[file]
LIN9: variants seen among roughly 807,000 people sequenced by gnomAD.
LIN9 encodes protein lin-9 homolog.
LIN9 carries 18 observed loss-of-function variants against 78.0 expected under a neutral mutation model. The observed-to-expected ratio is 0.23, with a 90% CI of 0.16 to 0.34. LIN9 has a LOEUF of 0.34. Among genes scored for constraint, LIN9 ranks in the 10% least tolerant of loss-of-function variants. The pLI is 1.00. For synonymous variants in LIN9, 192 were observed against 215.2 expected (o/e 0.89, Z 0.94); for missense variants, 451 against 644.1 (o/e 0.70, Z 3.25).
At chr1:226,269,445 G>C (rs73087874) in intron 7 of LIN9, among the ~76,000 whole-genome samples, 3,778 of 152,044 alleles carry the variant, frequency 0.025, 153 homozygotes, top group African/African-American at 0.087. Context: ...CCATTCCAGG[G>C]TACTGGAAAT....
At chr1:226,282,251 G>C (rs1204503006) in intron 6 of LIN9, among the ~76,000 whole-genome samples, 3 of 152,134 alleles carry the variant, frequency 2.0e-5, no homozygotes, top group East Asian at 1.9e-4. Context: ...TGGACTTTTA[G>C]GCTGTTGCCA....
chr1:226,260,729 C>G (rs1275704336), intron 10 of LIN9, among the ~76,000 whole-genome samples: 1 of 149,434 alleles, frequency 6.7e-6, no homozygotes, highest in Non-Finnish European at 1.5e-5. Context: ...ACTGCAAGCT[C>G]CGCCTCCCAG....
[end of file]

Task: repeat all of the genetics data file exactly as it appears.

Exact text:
LIN9: variants seen among roughly 807,000 people sequenced by gnomAD.
LIN9 encodes protein lin-9 homolog.
LIN9 carries 18 observed loss-of-function variants against 78.0 expected under a neutral mutation model. The observed-to-expected ratio is 0.23, with a 90% CI of 0.16 to 0.34. LIN9 has a LOEUF of 0.34. Among genes scored for constraint, LIN9 ranks in the 10% least tolerant of loss-of-function variants. The pLI is 1.00. For synonymous variants in LIN9, 192 were observed against 215.2 expected (o/e 0.89, Z 0.94); for missense variants, 451 against 644.1 (o/e 0.70, Z 3.25).
At chr1:226,269,445 G>C (rs73087874) in intron 7 of LIN9, among the ~76,000 whole-genome samples, 3,778 of 152,044 alleles carry the variant, frequency 0.025, 153 homozygotes, top group African/African-American at 0.087. Context: ...CCATTCCAGG[G>C]TACTGGAAAT....
At chr1:226,282,251 G>C (rs1204503006) in intron 6 of LIN9, among the ~76,000 whole-genome samples, 3 of 152,134 alleles carry the variant, frequency 2.0e-5, no homozygotes, top group East Asian at 1.9e-4. Context: ...TGGACTTTTA[G>C]GCTGTTGCCA....
chr1:226,260,729 C>G (rs1275704336), intron 10 of LIN9, among the ~76,000 whole-genome samples: 1 of 149,434 alleles, frequency 6.7e-6, no homozygotes, highest in Non-Finnish European at 1.5e-5. Context: ...ACTGCAAGCT[C>G]CGCCTCCCAG....